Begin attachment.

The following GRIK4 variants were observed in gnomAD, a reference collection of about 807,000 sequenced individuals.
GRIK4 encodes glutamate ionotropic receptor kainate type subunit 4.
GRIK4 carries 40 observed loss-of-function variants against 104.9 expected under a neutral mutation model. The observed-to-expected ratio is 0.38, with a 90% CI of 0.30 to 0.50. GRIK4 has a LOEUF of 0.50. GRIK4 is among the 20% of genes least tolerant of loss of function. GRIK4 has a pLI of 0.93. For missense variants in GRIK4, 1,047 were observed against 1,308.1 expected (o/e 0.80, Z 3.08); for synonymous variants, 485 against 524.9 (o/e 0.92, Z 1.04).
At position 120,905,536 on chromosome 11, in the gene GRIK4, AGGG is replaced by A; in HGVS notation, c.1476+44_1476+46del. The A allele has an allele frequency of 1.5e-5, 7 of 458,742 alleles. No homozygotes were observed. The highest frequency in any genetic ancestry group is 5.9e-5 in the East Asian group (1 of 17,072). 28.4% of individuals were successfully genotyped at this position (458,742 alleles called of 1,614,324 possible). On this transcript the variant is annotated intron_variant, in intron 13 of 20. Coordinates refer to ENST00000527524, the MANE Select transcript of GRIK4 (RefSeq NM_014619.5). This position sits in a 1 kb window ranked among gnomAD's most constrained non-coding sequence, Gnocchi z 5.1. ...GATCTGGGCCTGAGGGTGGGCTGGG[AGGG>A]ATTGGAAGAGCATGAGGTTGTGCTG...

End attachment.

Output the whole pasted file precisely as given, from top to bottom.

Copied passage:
The following GRIK4 variants were observed in gnomAD, a reference collection of about 807,000 sequenced individuals.
GRIK4 encodes glutamate ionotropic receptor kainate type subunit 4.
GRIK4 carries 40 observed loss-of-function variants against 104.9 expected under a neutral mutation model. The observed-to-expected ratio is 0.38, with a 90% CI of 0.30 to 0.50. GRIK4 has a LOEUF of 0.50. GRIK4 is among the 20% of genes least tolerant of loss of function. GRIK4 has a pLI of 0.93. For missense variants in GRIK4, 1,047 were observed against 1,308.1 expected (o/e 0.80, Z 3.08); for synonymous variants, 485 against 524.9 (o/e 0.92, Z 1.04).
At position 120,905,536 on chromosome 11, in the gene GRIK4, AGGG is replaced by A; in HGVS notation, c.1476+44_1476+46del. The A allele has an allele frequency of 1.5e-5, 7 of 458,742 alleles. No homozygotes were observed. The highest frequency in any genetic ancestry group is 5.9e-5 in the East Asian group (1 of 17,072). 28.4% of individuals were successfully genotyped at this position (458,742 alleles called of 1,614,324 possible). On this transcript the variant is annotated intron_variant, in intron 13 of 20. Coordinates refer to ENST00000527524, the MANE Select transcript of GRIK4 (RefSeq NM_014619.5). This position sits in a 1 kb window ranked among gnomAD's most constrained non-coding sequence, Gnocchi z 5.1. ...GATCTGGGCCTGAGGGTGGGCTGGG[AGGG>A]ATTGGAAGAGCATGAGGTTGTGCTG...